The Group of Friends of Mediation
Helsinki 17 January 2013
Speech by Erkki Tuomioja, Minister for Foreign Affairs of Finland
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It is my pleasure to address this meeting today. You are warmly welcomed to Finland and to our capital Helsinki. Finland and Turkey as co-chairs of the Group of Friends of Mediation put a high value on your membership in the Group and on your valuable work in the capitals. Although a lot of work of the group is done in New York it would not be possible without your support.
I will speak now about 20 minutes and after that we will have plenty of time for questions and discussions. Firstly I will speak about the achievements of our group of friends of mediation, then I will bring to light our Finnish efforts in mediation and in the end I will raise some ideas about the future work of the Group of Friends of Mediation to inspire our discussions.
However firstly I would like to thank our co-chair Turkey for organizing the first focal point meeting in Istanbul in February 2012 and for your outstanding efforts in mediation. Our cooperation is a good example of the value of partnerships within the UN.
The Group of Friends of Mediation
It is an honor to be a co-chair of a group as dynamic and committed as the group of friends of mediation. Our group was established in 2010 and since then a number of new members have joined the group. Today we have 42 members and the group keeps growing as more countries have shown interest in joining the group. The group brings together countries that mediate and countries that support mediation. It gathers traditional and new emerging mediators as well as regional and international organizations.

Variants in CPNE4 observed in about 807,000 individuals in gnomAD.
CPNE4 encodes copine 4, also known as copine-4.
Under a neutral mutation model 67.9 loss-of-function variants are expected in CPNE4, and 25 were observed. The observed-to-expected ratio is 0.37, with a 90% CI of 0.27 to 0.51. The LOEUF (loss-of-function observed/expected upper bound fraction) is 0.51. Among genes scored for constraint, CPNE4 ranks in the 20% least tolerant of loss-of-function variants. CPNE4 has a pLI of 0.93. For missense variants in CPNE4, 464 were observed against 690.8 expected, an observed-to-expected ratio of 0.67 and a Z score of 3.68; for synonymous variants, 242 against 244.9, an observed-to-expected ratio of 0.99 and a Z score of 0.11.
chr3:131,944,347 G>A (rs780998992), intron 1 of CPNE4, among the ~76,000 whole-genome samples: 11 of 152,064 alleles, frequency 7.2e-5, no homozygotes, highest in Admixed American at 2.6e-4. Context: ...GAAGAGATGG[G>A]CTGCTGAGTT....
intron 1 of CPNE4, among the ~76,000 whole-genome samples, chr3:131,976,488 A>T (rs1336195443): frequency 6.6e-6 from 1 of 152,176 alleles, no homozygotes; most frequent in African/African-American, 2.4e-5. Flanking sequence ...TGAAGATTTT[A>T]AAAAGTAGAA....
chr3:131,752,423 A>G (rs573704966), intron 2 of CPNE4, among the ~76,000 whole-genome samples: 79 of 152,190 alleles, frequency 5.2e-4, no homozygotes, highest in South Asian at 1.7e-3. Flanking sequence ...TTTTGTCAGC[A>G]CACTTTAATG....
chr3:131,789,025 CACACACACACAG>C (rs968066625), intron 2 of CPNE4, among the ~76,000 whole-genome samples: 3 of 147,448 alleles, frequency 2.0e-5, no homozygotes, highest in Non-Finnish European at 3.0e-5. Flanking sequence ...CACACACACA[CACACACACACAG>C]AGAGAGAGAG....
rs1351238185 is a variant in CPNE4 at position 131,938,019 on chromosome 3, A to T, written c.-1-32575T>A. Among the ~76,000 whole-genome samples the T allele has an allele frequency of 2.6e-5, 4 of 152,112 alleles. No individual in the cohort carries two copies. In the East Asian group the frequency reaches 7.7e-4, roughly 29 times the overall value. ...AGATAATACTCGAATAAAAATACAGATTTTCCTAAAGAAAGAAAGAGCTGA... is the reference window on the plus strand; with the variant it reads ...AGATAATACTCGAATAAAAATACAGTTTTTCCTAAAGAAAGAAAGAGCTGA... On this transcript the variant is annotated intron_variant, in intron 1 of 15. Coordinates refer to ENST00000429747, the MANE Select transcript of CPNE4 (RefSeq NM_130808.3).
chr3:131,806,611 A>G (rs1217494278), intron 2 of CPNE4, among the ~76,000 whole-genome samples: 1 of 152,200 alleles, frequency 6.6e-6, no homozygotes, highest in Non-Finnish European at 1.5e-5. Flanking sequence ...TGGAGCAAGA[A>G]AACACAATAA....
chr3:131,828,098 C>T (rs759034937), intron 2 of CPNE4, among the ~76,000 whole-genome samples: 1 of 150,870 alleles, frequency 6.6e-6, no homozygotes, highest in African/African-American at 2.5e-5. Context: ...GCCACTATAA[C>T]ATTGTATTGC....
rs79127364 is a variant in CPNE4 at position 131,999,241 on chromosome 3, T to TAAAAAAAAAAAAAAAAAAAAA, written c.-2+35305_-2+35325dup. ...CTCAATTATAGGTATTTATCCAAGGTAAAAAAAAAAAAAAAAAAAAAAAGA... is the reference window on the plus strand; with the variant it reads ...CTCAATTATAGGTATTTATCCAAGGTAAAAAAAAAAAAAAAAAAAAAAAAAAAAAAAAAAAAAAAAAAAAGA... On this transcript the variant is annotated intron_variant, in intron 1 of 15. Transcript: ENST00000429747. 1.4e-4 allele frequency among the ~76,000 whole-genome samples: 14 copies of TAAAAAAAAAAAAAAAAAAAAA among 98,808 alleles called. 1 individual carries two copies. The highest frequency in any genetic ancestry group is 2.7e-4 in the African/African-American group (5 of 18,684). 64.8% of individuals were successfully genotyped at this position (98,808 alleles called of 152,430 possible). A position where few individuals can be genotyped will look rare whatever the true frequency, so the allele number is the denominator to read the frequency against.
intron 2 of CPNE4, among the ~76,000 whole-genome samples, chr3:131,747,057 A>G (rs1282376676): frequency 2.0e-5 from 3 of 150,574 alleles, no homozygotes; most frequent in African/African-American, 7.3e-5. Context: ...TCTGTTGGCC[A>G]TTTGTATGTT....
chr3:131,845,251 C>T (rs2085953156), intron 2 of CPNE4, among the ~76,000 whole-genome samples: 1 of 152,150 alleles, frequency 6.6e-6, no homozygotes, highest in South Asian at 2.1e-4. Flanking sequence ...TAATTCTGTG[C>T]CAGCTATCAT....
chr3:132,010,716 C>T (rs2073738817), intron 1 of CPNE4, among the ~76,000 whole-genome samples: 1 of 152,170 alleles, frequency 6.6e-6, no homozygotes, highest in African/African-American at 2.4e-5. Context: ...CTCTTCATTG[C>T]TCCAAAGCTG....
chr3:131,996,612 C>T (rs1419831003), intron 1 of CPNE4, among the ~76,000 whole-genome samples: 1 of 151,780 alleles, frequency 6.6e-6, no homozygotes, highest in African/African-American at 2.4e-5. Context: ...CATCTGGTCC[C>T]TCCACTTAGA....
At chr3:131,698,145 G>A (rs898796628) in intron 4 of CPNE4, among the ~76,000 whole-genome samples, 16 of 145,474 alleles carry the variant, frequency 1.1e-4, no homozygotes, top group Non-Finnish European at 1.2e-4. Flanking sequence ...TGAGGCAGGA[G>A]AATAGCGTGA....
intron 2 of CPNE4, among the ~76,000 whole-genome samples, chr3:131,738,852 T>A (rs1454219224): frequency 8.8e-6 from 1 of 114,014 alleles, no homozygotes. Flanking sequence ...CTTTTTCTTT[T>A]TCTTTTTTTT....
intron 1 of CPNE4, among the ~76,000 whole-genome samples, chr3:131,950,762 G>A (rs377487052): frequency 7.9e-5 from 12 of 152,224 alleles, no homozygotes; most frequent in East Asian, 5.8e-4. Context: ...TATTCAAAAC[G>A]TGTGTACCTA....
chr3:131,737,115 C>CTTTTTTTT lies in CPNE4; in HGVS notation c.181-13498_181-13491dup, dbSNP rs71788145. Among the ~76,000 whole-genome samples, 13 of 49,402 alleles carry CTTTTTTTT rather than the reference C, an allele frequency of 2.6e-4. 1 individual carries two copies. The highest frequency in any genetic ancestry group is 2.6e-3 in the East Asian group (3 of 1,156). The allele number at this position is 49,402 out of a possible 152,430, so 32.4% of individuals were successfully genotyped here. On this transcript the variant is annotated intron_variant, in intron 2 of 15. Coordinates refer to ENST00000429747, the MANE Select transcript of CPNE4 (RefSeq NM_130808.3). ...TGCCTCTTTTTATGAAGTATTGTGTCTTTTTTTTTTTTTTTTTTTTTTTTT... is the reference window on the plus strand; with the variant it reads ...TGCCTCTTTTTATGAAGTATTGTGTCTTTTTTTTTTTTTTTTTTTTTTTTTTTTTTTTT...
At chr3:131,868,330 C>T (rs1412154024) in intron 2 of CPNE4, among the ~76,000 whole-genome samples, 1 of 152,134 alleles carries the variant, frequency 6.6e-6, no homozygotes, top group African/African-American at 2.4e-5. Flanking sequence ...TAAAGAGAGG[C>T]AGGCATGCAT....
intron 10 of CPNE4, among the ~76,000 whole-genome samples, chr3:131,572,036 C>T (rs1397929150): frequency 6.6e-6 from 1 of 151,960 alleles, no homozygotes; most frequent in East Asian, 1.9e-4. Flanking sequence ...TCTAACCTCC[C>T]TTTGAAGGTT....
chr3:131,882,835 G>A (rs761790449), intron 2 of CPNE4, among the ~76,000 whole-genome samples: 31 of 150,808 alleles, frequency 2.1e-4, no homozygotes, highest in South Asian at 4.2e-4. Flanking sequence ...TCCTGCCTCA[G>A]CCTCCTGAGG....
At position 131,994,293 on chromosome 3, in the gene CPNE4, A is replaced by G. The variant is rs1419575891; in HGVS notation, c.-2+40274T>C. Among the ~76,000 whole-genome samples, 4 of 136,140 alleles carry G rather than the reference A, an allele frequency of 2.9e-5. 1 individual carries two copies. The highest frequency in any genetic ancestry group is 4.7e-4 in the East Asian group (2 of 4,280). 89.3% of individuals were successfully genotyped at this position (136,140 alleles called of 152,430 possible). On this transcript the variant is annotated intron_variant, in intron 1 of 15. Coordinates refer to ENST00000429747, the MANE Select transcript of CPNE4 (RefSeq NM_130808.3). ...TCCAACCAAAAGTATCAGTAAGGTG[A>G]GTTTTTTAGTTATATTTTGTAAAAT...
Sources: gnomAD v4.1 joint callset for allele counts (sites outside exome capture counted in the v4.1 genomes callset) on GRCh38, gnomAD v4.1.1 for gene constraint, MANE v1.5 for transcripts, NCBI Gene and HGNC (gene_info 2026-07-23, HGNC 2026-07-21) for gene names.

During the past two years the group has met actively at ministerial, ambassadorial and expert levels. Our most tangible achievements are two UN General Assembly resolutions on mediation and our extensive contribution to the Secretary General’s report “Strengthening the role of mediation in the peaceful settlement of disputes, conflict prevention and resolution and to its annex UN Guidance for Effective Mediation. Secretary General’s guidance for effective mediation is an important toolkit for actors in mediation around the world. Our group is committed to disseminating and promoting the guidance as wide as possible.
Finland and Mediation
The significant value of mediation is recognised in the 2011-2015 Government Programme of Finland where an action plan for mediation was also agreed upon. The programme suggests that our development cooperation funding could be used in a more flexible way to finance mediation related activities. We have already taken this option into use and our experiences are positive.
As stated in the programme, Finland published an Action Plan for Mediation in December 2011. The Action Plan emphasizes that new resources and experts must be mobilized in addition to the traditional mediation activities. Cooperation with like-minded countries, organisations and civil society actors is essential for increased effectiveness in mediation. The same goes for raising global awareness. Finland stresses the need for the institutionalisation of mediation mechanisms, the strengthening of UN capacities and making use of regional and civil society initiatives. Strengthening the role of women in peace processes is the key to stable society. Sustainable peace and development cannot be achieved without active participation of women.